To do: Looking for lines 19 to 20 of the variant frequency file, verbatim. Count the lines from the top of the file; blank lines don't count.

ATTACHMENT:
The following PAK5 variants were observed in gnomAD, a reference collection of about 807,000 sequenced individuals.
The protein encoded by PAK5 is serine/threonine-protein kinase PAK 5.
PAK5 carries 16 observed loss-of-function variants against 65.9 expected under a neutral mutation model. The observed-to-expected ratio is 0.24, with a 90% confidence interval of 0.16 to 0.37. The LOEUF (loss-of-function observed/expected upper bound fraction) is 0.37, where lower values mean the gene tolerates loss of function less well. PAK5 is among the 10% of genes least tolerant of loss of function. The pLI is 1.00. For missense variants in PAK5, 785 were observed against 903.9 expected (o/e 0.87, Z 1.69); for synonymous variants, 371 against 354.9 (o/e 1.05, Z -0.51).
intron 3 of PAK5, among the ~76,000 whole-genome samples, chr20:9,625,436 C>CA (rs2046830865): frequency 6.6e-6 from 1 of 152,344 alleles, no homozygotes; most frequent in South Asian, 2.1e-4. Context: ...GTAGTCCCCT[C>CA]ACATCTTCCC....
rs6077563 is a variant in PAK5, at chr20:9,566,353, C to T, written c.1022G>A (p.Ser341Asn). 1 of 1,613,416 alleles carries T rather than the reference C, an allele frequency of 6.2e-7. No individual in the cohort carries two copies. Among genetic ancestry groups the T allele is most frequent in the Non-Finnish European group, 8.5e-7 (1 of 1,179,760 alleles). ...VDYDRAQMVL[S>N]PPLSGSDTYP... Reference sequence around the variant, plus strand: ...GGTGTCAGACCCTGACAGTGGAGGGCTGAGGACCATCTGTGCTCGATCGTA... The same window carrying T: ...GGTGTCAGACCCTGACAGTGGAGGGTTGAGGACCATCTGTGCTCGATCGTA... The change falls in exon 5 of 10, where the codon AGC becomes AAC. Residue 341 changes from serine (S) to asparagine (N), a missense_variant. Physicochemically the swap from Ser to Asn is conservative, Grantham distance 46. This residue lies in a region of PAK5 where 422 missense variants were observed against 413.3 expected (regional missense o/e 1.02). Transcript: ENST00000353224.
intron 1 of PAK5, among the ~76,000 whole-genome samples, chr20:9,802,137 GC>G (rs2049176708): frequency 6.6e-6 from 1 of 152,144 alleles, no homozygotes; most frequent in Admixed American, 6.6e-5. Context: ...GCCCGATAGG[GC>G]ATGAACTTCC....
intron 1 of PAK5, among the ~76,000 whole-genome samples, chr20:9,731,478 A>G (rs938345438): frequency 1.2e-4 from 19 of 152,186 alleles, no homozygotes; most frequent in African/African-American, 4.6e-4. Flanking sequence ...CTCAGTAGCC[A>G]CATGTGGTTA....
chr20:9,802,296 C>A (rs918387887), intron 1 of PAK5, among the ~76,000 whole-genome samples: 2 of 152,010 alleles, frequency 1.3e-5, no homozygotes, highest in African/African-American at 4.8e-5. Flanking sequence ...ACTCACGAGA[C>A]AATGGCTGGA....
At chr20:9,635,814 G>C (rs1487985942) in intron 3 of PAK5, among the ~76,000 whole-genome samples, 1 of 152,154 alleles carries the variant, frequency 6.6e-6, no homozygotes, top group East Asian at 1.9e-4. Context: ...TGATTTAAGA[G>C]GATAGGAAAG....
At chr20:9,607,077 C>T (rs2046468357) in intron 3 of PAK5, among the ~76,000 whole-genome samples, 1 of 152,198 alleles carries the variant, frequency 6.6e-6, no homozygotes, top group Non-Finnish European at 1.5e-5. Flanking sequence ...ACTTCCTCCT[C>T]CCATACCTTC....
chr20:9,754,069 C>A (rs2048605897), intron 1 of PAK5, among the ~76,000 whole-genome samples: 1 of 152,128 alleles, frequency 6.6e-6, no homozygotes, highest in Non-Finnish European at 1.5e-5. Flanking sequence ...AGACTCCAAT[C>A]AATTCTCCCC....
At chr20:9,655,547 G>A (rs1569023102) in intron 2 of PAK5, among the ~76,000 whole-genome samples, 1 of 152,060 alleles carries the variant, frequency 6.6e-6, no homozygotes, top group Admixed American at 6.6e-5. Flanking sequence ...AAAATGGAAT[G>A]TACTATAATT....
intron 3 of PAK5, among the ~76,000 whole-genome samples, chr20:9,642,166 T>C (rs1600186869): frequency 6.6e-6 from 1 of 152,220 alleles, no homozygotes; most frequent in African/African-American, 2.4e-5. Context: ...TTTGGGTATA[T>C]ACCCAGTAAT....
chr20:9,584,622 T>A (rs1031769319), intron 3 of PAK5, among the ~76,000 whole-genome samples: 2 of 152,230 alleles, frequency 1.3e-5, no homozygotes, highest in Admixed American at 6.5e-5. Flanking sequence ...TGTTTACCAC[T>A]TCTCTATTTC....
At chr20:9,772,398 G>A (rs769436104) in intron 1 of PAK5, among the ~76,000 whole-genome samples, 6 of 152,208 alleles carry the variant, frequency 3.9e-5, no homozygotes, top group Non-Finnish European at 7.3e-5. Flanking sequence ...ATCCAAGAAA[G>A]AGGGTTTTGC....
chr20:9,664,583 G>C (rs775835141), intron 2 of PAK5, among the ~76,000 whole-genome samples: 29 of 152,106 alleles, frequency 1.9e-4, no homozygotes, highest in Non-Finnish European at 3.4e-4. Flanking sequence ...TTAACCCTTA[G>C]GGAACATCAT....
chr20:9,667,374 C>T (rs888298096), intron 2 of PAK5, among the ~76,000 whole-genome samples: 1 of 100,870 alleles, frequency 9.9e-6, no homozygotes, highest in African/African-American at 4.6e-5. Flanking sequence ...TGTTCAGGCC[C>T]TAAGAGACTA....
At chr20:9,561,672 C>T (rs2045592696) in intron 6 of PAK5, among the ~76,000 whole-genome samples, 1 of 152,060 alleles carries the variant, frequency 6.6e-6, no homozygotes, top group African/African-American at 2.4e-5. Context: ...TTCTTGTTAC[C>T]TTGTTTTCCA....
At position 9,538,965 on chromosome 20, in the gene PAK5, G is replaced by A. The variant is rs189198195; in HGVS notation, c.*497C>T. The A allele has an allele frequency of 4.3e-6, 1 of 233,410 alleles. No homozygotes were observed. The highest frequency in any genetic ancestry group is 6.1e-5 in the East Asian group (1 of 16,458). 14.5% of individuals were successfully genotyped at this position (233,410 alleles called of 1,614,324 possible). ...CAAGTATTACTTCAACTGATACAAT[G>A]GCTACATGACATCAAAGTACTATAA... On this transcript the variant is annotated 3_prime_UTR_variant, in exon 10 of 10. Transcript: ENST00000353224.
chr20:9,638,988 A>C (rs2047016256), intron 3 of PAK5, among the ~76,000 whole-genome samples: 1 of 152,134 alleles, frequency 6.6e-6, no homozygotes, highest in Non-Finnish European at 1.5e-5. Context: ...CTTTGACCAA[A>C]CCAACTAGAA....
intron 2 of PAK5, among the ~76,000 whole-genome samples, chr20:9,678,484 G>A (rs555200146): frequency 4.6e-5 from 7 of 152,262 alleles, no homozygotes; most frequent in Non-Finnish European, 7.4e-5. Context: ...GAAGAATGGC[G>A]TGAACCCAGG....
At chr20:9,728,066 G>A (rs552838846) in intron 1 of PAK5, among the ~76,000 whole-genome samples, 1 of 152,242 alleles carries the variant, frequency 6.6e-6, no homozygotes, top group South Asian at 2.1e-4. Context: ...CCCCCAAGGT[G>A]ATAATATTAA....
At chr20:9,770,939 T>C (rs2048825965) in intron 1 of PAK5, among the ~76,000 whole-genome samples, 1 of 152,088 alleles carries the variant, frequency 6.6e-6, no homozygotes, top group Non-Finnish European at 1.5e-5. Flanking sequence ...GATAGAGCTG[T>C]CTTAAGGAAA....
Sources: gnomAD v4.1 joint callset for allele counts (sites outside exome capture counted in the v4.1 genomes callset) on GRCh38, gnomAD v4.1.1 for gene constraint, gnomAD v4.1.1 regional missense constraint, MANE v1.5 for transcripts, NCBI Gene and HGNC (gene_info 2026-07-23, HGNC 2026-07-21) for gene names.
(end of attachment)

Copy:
At position 9,538,965 on chromosome 20, in the gene PAK5, G is replaced by A. The variant is rs189198195; in HGVS notation, c.*497C>T. The A allele has an allele frequency of 4.3e-6, 1 of 233,410 alleles. No homozygotes were observed. The highest frequency in any genetic ancestry group is 6.1e-5 in the East Asian group (1 of 16,458). 14.5% of individuals were successfully genotyped at this position (233,410 alleles called of 1,614,324 possible). ...CAAGTATTACTTCAACTGATACAAT[G>A]GCTACATGACATCAAAGTACTATAA... On this transcript the variant is annotated 3_prime_UTR_variant, in exon 10 of 10. Transcript: ENST00000353224.
chr20:9,638,988 A>C (rs2047016256), intron 3 of PAK5, among the ~76,000 whole-genome samples: 1 of 152,134 alleles, frequency 6.6e-6, no homozygotes, highest in Non-Finnish European at 1.5e-5. Context: ...CTTTGACCAA[A>C]CCAACTAGAA....